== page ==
Added sugars should be a ‘no, no’

| March 23, 2016 | 0 Comments

Capt. William Conkright
Chief, Tripler Nutrition Outpatient Clinic

TRIPLER ARMY MEDICAL CENTER — Sugar has become an ever-present part of the standard American diet, and it’s a major contributor to weight gain, as well as various chronic diseases.

The American Heart Association (AHA) recommends men have nine teaspoons or less, and women six teaspoons or less, per day, of added sugar.

Courtesy photo Personnel should avoid adding sugar into their meals.

Courtesy photo
Personnel should avoid adding sugar into their meals.

Current nutrition fact labels do not differentiate between added versus naturally occurring sugars. However, naturally occurring sugars have less of a negative impact on health.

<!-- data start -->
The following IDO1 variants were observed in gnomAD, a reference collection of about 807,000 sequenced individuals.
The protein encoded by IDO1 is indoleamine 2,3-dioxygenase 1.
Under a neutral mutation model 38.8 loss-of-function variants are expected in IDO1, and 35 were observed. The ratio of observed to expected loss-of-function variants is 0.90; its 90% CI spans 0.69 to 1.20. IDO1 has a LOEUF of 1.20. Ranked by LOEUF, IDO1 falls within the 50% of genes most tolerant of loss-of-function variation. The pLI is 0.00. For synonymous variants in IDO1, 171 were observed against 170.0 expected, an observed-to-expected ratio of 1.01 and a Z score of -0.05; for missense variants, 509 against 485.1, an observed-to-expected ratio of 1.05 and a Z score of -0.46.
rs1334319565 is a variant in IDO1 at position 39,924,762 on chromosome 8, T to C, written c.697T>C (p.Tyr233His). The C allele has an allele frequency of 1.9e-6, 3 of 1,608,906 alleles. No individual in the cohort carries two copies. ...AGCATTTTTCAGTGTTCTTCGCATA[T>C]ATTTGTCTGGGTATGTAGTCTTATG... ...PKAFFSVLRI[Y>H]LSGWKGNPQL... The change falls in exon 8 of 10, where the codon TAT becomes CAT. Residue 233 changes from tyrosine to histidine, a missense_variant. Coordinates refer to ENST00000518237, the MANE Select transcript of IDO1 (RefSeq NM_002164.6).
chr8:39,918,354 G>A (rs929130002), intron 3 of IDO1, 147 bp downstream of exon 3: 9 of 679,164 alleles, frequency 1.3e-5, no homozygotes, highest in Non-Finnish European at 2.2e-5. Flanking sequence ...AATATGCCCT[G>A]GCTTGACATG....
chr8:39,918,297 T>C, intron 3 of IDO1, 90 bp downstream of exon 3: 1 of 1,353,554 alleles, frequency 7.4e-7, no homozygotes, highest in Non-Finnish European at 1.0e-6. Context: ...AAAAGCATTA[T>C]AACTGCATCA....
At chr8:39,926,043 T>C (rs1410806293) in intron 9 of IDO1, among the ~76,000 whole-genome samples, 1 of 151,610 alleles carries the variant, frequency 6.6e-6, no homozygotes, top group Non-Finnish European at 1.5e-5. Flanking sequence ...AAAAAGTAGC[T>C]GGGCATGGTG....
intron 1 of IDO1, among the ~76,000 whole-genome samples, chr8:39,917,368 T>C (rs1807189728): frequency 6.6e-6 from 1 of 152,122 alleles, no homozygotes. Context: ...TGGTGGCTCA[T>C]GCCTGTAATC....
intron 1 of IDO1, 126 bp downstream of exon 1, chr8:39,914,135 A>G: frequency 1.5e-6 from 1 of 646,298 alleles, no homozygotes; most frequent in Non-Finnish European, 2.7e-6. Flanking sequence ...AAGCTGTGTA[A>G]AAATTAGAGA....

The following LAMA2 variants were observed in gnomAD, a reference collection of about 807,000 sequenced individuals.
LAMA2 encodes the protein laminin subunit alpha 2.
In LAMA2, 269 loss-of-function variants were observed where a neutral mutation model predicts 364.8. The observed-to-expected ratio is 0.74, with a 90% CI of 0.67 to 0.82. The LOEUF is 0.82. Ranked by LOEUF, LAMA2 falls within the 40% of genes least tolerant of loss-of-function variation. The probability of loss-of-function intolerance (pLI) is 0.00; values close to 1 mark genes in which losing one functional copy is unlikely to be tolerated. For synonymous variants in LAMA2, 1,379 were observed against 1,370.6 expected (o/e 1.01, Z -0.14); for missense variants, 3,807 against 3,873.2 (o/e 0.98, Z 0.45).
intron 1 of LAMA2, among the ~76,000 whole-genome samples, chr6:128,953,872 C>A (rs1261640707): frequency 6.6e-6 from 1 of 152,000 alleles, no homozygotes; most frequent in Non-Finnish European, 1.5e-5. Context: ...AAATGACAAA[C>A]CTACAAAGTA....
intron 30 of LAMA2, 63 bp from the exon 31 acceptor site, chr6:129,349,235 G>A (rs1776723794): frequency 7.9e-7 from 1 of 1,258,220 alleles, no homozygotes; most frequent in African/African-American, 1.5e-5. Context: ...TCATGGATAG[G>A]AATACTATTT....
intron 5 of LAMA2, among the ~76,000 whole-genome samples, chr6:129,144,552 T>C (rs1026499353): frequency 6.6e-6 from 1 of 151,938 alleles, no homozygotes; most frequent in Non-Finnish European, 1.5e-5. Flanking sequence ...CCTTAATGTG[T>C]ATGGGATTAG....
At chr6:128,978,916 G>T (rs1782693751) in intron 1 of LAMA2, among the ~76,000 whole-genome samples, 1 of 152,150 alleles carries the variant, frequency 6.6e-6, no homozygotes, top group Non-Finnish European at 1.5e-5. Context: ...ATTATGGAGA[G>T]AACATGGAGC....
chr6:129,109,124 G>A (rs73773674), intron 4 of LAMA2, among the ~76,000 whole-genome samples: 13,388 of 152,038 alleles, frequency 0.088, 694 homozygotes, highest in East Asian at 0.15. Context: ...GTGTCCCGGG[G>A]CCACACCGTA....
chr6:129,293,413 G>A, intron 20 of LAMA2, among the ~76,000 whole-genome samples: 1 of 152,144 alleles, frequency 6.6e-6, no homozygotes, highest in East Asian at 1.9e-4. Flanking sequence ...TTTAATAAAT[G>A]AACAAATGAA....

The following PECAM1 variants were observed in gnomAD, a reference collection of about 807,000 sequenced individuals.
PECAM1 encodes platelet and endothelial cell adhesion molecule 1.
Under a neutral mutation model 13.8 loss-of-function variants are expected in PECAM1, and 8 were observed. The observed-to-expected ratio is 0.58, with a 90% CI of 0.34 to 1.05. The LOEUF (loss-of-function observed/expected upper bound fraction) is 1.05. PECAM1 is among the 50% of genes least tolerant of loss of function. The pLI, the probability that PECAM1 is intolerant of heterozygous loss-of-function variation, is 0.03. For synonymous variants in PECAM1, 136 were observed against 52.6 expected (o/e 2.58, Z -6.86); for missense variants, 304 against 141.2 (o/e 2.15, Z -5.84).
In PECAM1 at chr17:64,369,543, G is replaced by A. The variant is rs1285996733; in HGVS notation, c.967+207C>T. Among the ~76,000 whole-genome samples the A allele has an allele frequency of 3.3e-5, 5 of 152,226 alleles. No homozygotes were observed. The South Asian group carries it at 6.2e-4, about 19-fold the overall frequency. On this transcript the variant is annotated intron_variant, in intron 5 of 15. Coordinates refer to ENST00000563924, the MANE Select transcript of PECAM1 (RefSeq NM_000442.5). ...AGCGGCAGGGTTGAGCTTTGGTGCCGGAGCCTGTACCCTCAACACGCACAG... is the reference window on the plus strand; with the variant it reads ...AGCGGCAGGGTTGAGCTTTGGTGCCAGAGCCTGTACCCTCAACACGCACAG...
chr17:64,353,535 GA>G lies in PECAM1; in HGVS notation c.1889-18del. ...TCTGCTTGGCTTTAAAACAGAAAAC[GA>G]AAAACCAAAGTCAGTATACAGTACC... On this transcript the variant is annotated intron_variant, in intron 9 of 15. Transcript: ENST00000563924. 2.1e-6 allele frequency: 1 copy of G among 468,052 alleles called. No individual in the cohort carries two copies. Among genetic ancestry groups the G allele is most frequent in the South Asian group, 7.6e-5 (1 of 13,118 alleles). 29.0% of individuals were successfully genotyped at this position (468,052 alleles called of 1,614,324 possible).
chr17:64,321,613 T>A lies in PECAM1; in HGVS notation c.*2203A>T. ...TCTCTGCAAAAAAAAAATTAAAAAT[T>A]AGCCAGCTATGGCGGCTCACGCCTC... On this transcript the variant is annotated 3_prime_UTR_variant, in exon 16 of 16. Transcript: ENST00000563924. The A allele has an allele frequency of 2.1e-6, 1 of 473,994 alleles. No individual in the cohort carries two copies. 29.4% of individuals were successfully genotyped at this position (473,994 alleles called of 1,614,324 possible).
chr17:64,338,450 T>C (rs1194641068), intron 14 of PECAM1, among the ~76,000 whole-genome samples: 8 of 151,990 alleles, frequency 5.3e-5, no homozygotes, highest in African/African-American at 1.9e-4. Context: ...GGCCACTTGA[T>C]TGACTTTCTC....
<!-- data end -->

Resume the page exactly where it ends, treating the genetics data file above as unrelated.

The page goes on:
For example, a fresh pineapple contains naturally occurring sugar, but canned pineapple may have the naturally occurring sugar plus sugars added to the syrup/juice in the can.

Consumers should read the ingredients label to find out if a product has added sugars. Pay close attention because “sugar” is listed under other less obvious names such as high fructose corn syrup, corn syrup solids, dextrose, sucrose, and maltodextrin to name a few.

• Points of Contact

For a complete list of sugars and how to find them in products, or any other nutrition-related needs, contact the Nutrition Outpatient Clinic at (808) 433-4950.

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Category: Community, Health

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